However, not all yogurts are created equal. To make yogurt, two types of bacteria are needed, Lactobacillus bulgaricus and Streptococcus thermophilus. However, some manufacturers heat yogurt to extend its shelf life, which kills bacteria.

For maximum health benefits, look for yogurt that not only advertises as “live,” but also specify the number (you want at least 100 million) and the names of the bacteria. This way, you can be sure it contains enough bacteria to survive in your acidic stomach.

Many products in supermarket coolers contain all kinds of additives, including thickeners and sweeteners. As I explained before, sweeteners can affect the gut microbiome, resulting in an increased blood sugar response to food, hepatitis, and weight gain.

Making your own means you can ferment them for longer for a tart flavour.  It will also provide more lactic acid and less lactose, unlike regular yogurt

Making your own means you can ferment them for longer for a tart flavour. It will also provide more lactic acid and less lactose, unlike regular yogurt

Although this research has been largely done in animals, it has recently been backed up in human studies, including one published just this month in the journal Cell.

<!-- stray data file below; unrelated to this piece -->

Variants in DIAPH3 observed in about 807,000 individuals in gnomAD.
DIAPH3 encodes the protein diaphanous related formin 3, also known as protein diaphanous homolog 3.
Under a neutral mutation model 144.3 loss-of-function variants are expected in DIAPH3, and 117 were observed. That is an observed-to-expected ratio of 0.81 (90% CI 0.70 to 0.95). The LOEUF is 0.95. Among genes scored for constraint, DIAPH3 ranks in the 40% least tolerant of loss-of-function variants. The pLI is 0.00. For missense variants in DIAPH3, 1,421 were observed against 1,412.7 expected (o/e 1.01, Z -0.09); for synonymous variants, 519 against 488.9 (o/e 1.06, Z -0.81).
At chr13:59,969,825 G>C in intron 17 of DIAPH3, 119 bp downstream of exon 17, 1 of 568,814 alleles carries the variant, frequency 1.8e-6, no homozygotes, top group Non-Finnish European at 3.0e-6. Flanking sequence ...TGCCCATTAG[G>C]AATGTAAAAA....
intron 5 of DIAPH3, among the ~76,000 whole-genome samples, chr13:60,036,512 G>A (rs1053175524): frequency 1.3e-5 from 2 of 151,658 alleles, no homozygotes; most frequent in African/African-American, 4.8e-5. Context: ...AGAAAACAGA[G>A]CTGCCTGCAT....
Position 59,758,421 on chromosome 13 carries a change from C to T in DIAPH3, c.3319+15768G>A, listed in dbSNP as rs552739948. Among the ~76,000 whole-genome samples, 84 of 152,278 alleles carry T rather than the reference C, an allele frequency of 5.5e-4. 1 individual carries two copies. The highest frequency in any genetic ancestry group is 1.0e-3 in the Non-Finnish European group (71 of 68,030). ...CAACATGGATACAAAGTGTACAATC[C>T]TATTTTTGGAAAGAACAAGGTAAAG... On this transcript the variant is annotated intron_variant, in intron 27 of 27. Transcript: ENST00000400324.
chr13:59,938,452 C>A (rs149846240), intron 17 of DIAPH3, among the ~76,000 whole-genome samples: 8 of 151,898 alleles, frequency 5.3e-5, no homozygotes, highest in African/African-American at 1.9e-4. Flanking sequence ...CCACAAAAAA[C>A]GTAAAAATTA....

This showed that eating saccharin or sucralose every day for two weeks affects the balance of people’s gut microbes and their blood sugar responses (in other words, how well the body processes sugar, which can lead to weight gain and type 2 diabetes).

It amazes me how some of the yogurt brands that claim “gut health” and list bacteria on the label also contain such sweeteners.

It’s worth checking out your usual brand – or make your own! My recipe (top right) shows that there is none for it.

Fermented food reminds me of a slow cooker: Once you make it, you just leave it out because the mixture (specifically the microbes) does the hard work.

Yogurt is cheap to prepare and only takes two minutes to prepare. Then leave it on overnight, and voila! – By morning it’s ready.

Making your own means you can ferment them for longer for a tart flavour. It will also provide more lactic acid and less lactose, unlike regular yogurt.

And you can add additives, such as milk powder to make it thicker and creamier; Or filter it through a muslin cloth for Greek-style yogurt, which will boost the protein and reduce the lactose content. (Use the filtered liquid, whey, for an extra dose of calcium and microbes. Add it to smoothies.)

If you saute your fruit flavors while making them, this allows the microbes to ferment some of the fructose as well, enhancing the final flavor as well as supporting the growth of beneficial microbes often added to yogurts like lactobacillus species.

I use yogurt in sauces, dips, and baking – to replace cream in a baked cheesecake; I also substitute half of the butter or oil in other cake and biscuit recipes with equal amounts of thicker yogurt.

Can you make yogurt with plant milk? The microbes used to make traditional yogurt eat the lactose found in animal milk. If you try to add these microbes to lactose-free milk, they starve and leave a watery mess. But yes, this can be done by using a vegan yogurt garnish along with thickeners like cornmeal. You can find recipes online.